Marine Entanglements: Tropical Materialism and Hydrographic Imaginary in Nnedi Okorafor’s Lagoon


  • Sanchar Sarkar Indian Institute of Technology, Chennai, India
  • Swarnalatha Rangarajan Indian Institute of Technology, Chennai, India



Tropical Materialism, Nnedi Okorafor, Hydrographic Imaginary, Hyperobjects, Material Determinant, Afrofuturism, Sci-Fi


In the epoch of the Anthropocene the environment is predominantly characterised by innumerable entanglements of matter. According to materialist theorist Jane Bennett, matter acts as a ‘distributive agency’ that intertwines itself with a “multiplicity of other material bodies and formations'' across space and time (Khan, 2012, p. 42). Nnedi Okorafor’s novel Lagoon (2014) centres around the material entanglement scenario between oil and marine waters off the coast of Nigeria in Africa. Okorafor’s Afrofuturist Science Fiction narrative focuses on oil’s vitality and overwhelming presence in the tropical marinescape and elaborates on the significance of oil as a material determinant that forces us to rethink matter’s affective influence in the marinescapes of the tropics. This article analyses how human extracted matter like oil acts as a vital agentic force that confronts, reconfigures, and modifies the physical compositional properties of marine water. The article employs tropical materialism to study the performative role of matter as a ‘hyperobjective’ register within the constructed eco(aqua)-speculative and hydrographic imaginary of Okorafor’s Sci-Fi narrative.

Author Biographies

Sanchar Sarkar, Indian Institute of Technology, Chennai, India

Sanchar Sarkar is a research scholar (PhD) at the Department of Humanities and Social Sciences in Indian Institute of Technology Madras, Chennai, India. He is currently pursuing his PhD in environmental humanities under the supervision of Dr Swarnalatha Rangarajan. He is engaged with writing research papers on specific topics that trace the contemporary trajectories of ecocriticism in post-apocalyptic environments and literature. His interest lies in the field of eco-speculative fiction and he is also passionate about visual narratives that represent and engage with the insights of environmental consciousness. Currently he is working in the arena of climate change games and its eco-speculative performativity among the contemporary young adult generation.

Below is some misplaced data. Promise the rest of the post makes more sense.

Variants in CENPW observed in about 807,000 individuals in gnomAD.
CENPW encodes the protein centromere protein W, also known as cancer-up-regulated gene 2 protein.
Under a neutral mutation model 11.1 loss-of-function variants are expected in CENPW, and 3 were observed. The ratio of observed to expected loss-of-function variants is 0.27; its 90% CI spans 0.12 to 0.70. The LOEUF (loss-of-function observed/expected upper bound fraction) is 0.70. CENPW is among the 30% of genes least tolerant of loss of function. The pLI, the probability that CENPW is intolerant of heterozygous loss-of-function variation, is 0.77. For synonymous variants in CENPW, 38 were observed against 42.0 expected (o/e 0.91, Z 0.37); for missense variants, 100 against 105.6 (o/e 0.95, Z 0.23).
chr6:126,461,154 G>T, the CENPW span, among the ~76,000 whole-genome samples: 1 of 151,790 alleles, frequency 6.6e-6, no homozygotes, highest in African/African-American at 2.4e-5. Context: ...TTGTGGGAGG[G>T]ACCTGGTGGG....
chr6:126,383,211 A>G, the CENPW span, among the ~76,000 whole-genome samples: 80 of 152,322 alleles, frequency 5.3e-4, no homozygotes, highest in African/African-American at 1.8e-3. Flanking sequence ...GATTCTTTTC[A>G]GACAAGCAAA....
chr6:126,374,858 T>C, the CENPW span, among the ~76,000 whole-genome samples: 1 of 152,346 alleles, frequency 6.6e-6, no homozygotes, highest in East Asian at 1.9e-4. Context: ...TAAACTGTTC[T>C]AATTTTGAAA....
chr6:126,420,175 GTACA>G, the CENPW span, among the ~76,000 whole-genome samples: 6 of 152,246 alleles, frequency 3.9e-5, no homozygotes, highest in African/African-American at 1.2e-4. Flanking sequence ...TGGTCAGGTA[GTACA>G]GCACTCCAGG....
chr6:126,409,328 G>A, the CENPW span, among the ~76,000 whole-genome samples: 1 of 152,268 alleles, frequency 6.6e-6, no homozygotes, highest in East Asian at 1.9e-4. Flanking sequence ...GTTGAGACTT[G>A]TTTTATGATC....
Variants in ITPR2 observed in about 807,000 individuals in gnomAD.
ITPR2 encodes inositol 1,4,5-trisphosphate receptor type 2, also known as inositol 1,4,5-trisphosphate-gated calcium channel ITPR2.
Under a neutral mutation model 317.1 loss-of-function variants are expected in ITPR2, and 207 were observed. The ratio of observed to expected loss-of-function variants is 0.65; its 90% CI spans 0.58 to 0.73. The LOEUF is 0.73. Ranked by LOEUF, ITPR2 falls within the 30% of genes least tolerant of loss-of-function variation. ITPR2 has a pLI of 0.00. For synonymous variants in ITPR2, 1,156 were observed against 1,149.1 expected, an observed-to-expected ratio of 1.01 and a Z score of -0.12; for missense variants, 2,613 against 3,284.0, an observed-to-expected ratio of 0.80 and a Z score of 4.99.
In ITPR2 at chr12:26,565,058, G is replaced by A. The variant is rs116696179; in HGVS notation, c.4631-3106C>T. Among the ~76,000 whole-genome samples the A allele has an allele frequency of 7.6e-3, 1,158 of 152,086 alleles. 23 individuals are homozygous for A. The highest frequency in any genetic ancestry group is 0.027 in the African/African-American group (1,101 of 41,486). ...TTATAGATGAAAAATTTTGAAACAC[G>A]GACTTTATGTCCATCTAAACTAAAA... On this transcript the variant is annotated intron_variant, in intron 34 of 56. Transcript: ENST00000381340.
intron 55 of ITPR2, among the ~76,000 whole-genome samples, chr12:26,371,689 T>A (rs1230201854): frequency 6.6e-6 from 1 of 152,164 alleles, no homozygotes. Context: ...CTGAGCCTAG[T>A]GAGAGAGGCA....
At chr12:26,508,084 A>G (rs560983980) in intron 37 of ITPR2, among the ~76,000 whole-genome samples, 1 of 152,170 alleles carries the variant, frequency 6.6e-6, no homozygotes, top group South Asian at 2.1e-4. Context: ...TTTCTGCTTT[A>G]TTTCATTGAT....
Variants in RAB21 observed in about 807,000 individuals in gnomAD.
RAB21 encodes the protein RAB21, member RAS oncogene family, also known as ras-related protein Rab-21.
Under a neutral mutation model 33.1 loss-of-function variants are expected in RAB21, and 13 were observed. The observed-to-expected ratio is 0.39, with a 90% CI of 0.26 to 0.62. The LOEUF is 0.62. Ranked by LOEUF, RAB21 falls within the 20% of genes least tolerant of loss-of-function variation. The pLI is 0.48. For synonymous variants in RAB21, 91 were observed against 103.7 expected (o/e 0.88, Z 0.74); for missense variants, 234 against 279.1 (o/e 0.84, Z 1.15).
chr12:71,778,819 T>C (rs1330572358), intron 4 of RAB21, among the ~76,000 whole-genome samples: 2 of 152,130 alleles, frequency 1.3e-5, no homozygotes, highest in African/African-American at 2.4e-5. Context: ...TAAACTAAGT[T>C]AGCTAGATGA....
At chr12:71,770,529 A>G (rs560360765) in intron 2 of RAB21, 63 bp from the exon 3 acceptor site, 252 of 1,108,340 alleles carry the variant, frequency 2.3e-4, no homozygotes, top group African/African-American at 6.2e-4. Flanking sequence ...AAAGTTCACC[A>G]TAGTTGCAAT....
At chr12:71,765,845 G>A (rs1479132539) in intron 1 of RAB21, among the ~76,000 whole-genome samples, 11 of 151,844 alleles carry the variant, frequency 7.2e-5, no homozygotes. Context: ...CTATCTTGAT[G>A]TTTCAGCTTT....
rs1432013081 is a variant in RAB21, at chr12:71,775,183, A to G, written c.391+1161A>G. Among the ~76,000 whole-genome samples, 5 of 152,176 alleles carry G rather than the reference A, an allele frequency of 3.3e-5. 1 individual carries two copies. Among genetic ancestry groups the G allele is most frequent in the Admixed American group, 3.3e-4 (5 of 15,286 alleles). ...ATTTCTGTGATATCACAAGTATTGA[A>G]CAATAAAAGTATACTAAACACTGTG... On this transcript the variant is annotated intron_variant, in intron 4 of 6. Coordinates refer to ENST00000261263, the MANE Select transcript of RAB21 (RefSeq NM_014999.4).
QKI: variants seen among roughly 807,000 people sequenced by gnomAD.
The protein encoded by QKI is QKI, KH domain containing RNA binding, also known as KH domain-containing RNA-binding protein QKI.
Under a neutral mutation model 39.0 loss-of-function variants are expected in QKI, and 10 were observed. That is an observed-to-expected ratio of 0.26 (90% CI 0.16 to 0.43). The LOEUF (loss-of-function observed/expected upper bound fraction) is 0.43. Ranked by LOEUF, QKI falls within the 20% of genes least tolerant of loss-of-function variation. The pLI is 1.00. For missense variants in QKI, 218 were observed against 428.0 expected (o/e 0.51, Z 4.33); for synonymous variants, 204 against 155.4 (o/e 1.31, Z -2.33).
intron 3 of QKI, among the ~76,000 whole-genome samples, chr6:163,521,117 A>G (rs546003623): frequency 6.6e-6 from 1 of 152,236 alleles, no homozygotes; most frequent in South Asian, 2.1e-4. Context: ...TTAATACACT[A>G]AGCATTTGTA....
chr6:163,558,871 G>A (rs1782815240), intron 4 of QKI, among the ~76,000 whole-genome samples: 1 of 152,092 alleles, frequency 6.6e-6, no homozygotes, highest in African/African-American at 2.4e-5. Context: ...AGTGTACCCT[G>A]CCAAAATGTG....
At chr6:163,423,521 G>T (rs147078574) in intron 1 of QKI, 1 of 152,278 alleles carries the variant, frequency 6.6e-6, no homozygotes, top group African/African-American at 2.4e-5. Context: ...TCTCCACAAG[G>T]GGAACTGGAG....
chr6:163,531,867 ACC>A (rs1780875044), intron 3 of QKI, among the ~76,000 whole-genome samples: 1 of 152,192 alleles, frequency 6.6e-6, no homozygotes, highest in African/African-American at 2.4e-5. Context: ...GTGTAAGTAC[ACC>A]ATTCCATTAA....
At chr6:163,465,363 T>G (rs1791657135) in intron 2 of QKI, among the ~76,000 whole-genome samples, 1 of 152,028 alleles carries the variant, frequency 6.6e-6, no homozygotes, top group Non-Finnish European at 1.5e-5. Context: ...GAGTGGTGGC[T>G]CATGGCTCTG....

Swarnalatha Rangarajan, Indian Institute of Technology, Chennai, India

Swarnalatha Rangarajan is Professor of English at the Department of Humanities and Social Sciences, IIT Madras and is passionate about environmental humanities. She is the founding editor of the Indian Journal of Ecocriticism (IJE). Her academic publications include Ecocriticism: Big Ideas and Practical Strategies (2018) and co-edited works titled Ecoambiguity, Community, and Development (2014) and Ecocriticism of the Global South(2015). She is the co-translator of Mayilamma: The Life of a Tribal Eco-Warrior(2018). She is one of the series editors for the Routledge Studies in World Literatures and Environment and the co-editor of the Routledge Book of Ecocriticism and Environmental Communication (2019). Her short fiction has appeared in anthologies of publishing houses like Penguin, Zubaan, Westland, New Asian Writing, South Asian Review to name a few. Her poetry has appeared in the collection All the Worlds Between (Yoda Press, 2017) and in Muse India. Her debut novel, Final Instructions was published by Authorspress in 2015. She has co-edited a collection of interviews with Contemporary Women Writers from Tamil Nadu titled Lifescapes which was published by a leading feminist press, Women Unlimited in 2019. She is currently working on a book project that straddles the domains of ecocriticism and medical humanities.


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How to Cite

Sarkar, S., & Rangarajan, S. (2022). Marine Entanglements: Tropical Materialism and Hydrographic Imaginary in Nnedi Okorafor’s Lagoon. ETropic: Electronic Journal of Studies in the Tropics, 21(2), 180–197.